In Richmond in “The Portent: John Brown’s Raid in American Memory,” something quite different happens. In the South Brown was condemned not only for his abolitionist views but also because he tapped into latent fears of a slave rebellion. Now, of course, the curators, the historians William M. S. Rasmussen and Robert S. Tilton, take the virtues of Brown’s abolitionist cause for granted; indeed, the last part of the exhibition is devoted to a series of 22 schematic, affecting prints of Brown’s life and his martyrdom by the artist Jacob Lawrence (based on his 1941 paintings). Melville’s 1859 poem “The Portent,” about Brown’s hanging, gives the show its title, presciently calling Brown a metaphysical herald, a “meteor of the war” that was about to begin.

But in Richmond abolition is not the theme; Brown’s tactics are. And we can hear the clamor of the debate more clearly. As the show points out, Brown’s virtue was not always so transparent, even in the North.

Brown was hailed by Emerson, who said he would “make the gallows as glorious as the cross.” Thoreau glorified him as living beyond death. Victor Hugo called him “this liberator, this fighter for Christ,” whose hanging (“so great a crime”) “would impart to the Union a creeping fissure.”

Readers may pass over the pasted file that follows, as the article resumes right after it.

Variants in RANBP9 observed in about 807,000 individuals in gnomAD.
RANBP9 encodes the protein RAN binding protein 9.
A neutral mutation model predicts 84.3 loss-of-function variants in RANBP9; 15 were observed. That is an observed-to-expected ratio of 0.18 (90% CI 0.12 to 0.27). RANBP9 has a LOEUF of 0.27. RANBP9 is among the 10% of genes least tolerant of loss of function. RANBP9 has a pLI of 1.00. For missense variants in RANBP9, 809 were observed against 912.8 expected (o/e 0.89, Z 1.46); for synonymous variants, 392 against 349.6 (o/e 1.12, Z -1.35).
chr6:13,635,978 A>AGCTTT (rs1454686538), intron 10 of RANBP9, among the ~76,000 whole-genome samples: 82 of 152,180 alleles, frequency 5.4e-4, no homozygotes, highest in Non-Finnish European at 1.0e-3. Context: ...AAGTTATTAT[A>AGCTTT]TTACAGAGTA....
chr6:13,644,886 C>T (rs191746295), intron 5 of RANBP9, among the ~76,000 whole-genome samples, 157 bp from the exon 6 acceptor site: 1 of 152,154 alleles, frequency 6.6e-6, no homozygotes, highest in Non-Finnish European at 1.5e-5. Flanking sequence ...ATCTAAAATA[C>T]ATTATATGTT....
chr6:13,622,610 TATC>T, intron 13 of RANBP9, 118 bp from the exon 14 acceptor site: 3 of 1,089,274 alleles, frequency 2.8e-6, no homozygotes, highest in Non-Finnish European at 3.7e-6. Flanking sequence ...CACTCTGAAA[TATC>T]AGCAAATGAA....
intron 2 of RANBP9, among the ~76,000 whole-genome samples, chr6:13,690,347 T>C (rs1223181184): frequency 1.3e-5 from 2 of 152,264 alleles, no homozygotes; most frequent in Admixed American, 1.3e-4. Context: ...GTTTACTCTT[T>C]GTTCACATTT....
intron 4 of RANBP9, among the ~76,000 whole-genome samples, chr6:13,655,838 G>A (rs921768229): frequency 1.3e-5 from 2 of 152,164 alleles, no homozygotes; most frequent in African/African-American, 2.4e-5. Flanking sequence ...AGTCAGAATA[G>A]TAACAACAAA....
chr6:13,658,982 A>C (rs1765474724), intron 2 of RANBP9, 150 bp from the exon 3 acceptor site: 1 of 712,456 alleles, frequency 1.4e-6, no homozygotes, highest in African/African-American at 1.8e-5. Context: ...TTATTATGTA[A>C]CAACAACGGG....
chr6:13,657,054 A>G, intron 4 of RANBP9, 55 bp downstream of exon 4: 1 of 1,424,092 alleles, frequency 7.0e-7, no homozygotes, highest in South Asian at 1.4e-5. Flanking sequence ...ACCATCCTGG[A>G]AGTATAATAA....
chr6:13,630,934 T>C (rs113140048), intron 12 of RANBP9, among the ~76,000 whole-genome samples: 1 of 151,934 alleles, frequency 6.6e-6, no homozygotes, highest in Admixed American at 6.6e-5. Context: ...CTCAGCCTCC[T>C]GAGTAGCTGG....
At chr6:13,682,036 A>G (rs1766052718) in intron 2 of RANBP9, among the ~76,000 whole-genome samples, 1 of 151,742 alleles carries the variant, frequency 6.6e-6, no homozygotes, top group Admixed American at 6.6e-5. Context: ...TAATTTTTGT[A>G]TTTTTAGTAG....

The first biography of Brown, published soon after his hanging, is open here to its title page, where the author, James Redpath, with a typographical shout, dedicated the book to Emerson and Thoreau, “WHO, WHEN THE MOB SHOUTED, ‘MADMAN!’ SAID, ‘SAINT!’ ”

But at the same time Hawthorne called Brown a “blood-stained fanatic.” Lincoln called his raid “absurd” and deplored Brown’s “violence, bloodshed and treason.” In the major Northern cities “Union meetings” were held to condemn Brown.

A petition signed by 3,500 Bostonians proclaimed, “We deeply sympathize with the people of Virginia.” In New York, the exhibition says, there was a huge political meeting: 6,000 people filled the Academy of Music; 15,000 gathered outside; and 20,000 signed a resolution regarding “the recent outrage at Harpers Ferry as a crime.”

There were some, clearly, who opposed Brown because he was both violent and an abolitionist, but others opposed him simply because he was violent. One of the remarkable objects on display here is a long pike topped with the blade of a Bowie knife. In March 1857, in preparation for the raid, Brown ordered a thousand such custom-designed weapons from a Connecticut manufacturer, for use by slaves with no experience with guns. The weapon has a primitive power, and helps give some idea of the kind of battles Brown imagined.

There is a letter in New York, written to Brown before his hanging by Mahala Doyle, the wife and mother of those murdered. “Altho vengeance is not mine, I confess, that I do feel gratified to hear that you ware stopt in your fiendish career,” she writes, pointing out that the Doyles didn’t even own slaves.

“O how it pained my Heart to hear the dying groans of my Husband and children,” she recalls, noting that her youngest son, whom Brown spared in response to her entreaties, wished he could be at the hanging to help adjust the rope around Brown’s neck.